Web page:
Twitter: Fad or Recruiting Revolution?

Is Twitter a college basketball fad or useful recruiting tool? Scout.com went right to the source and spoke with two college coaches to gain their perspective on tweeting.

Oliver Purnell does it. John Calipari and Tom Crean too. Chances are, just about every major college coach is utilizing Twitter these days.

Personally, I like the Twitter. However, I'm not sure it's going to change the way coaches recruit. Regardless, we asked a pair of college coaches how they perceive the newest social media that has become the rage in college hoops.

# 1 Do you use twitter and if so, how often do you update? OR, do you just "lurk?"

Coach 1 Yes to using Twitter. I update it almost daily.

Coach 2 I do not have a twitter account and no one on our staff does. I do check other a few others peoples accounts though. One of our players has one, so I check that about once a week. I check a few head coaches as well - sometimes they offer some coaching/teaching points that are useful or just to see something that might be going in their program. I also check some national writers for good links to articles to read and/or send to our players.

#2 Is there pressure to use Twitter it because in theory everyone else is?

Coach 1 No pressure to use it. I actually had a Twitter account last December before it got hot- although I didn't start actually using it until recently.

Coach 2 I don't feel pressure to have one at this point, however, if I were a head coach, I think I would. I think it's a little "goofy" for assistants to have one, but I'd assume that they feel they do to in order to compete with others. I was definitely opposed to it when it first came out, but it's definitely growing on me as a source for information and to keep improving as a coach.

#3 Do you see Twitter as a valuable recruiting tool?

Coach 1 Not sure how valuable it is, but definitely another avenue to put your school or something about your school in front of fans, other coaches and recruits.

Coach 2 Twitter is valuable in that it provides information, which is essential in recruiting. It seems like it's helped teams with Kyrie Irving a little but, although Indiana is out now! It's another form of obtaining information from kids, coaches, evaluators, etc. I think it could help a kid get to know the personality of the coach that is recruiting them too, which is important.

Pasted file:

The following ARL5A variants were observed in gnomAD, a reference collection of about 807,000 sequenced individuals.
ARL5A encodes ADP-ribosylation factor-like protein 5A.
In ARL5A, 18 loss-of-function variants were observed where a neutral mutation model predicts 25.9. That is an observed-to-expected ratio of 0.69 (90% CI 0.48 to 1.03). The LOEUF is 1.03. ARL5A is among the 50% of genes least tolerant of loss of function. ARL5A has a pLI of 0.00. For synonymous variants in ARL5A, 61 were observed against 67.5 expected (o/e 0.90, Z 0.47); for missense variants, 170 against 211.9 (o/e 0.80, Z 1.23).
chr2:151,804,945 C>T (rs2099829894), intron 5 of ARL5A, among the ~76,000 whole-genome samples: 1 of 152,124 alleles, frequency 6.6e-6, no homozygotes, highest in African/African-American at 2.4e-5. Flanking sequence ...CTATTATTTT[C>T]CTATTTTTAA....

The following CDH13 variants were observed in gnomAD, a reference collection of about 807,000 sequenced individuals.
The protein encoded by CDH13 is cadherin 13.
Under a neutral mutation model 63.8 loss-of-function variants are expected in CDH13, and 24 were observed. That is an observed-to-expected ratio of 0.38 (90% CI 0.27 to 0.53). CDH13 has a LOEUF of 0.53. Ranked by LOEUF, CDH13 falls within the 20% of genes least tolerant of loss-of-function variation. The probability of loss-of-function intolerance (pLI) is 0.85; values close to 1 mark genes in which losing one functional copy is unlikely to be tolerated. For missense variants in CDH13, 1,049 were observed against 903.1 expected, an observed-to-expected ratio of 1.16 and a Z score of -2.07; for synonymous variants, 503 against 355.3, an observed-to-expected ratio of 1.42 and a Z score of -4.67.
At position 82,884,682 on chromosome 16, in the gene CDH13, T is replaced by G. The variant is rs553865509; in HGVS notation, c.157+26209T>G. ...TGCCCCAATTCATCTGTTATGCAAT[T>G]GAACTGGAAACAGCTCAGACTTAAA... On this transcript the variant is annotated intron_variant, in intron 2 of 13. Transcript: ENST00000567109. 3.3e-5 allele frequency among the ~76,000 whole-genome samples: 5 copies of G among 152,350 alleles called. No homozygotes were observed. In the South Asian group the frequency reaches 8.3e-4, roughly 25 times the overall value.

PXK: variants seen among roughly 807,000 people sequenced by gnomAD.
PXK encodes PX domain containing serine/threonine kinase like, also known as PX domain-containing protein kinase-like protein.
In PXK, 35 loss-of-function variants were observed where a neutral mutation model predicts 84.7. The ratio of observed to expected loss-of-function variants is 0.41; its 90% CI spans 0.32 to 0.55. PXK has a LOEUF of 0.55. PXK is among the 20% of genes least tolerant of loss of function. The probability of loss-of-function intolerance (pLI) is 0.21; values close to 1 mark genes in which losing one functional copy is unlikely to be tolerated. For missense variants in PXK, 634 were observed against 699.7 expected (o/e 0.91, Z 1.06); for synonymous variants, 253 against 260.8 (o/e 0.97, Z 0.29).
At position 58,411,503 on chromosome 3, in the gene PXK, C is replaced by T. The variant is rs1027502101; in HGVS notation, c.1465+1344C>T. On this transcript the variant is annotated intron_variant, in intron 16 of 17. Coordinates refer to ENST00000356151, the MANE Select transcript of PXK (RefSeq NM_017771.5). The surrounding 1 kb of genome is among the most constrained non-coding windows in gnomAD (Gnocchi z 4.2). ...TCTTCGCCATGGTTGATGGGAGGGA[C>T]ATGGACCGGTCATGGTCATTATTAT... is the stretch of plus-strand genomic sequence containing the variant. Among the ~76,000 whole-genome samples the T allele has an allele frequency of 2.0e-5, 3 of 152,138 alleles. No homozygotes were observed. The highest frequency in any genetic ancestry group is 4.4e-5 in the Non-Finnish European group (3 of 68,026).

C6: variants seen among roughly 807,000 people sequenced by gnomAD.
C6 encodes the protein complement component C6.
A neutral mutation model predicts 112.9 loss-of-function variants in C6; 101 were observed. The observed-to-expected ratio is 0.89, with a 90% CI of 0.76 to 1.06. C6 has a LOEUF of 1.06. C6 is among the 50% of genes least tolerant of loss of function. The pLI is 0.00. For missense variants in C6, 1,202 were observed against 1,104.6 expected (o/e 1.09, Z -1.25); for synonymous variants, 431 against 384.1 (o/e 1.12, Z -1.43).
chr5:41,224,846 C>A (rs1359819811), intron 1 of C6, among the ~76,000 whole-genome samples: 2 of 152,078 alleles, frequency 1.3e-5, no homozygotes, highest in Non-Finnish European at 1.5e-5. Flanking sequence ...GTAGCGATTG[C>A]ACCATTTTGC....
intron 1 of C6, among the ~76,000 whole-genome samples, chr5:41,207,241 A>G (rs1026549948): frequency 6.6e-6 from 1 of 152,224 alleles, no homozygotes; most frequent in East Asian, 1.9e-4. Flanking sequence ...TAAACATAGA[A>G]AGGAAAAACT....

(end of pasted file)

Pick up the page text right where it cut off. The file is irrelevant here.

#4 Would you ever make a tweet aimed at a player or group of players?

Coach 1To my knowledge I have not tweeted towards a player or group. Some coaches have tweeted what city they are in or where they are going recruiting, which I don't think you are allowed to do. Also other recruits might see what you've posted or where you were and it could possibly be counter-productive.

Coach 2 If I had twitter, I don't think I'd aim a tweet at a specific kid, but it's a very fine line. I'd try to focus on insights into our program, knowing that kids may read it. For example, talk about our scheduling philosophy, or what we just worked on in an individual workout.

# 5 How often do you or staffers checks what recruits are saying on Twitter?

Coach 1 I follow recruits on Twitter. Just whenever I refresh it or have it sent to my phone.

Coach 2 We don't ever check what recruits are saying twitter, maybe we should?!

# 6 Do you feel you can be open and "yourself" when making Tweets?

Coach 1 Definite "No" about being open and "yourself". I posted something (actually re-tweeted something one of our players wrote) that was pretty funny and got a scathing, demeaning e-mail from a fan of a rival team. Since then I've been very careful as to what I've posted.

Coach 2 If I started to tweet, I think I'd feel comfortable being myself. However, like we tell our players about twitter, Facebook, etc "if you don't want it on the front page of the newspaper, don't put it on Facebook!"

If you're interested, you can follow myself @davetelep and @EvanDanielScout on Twitter


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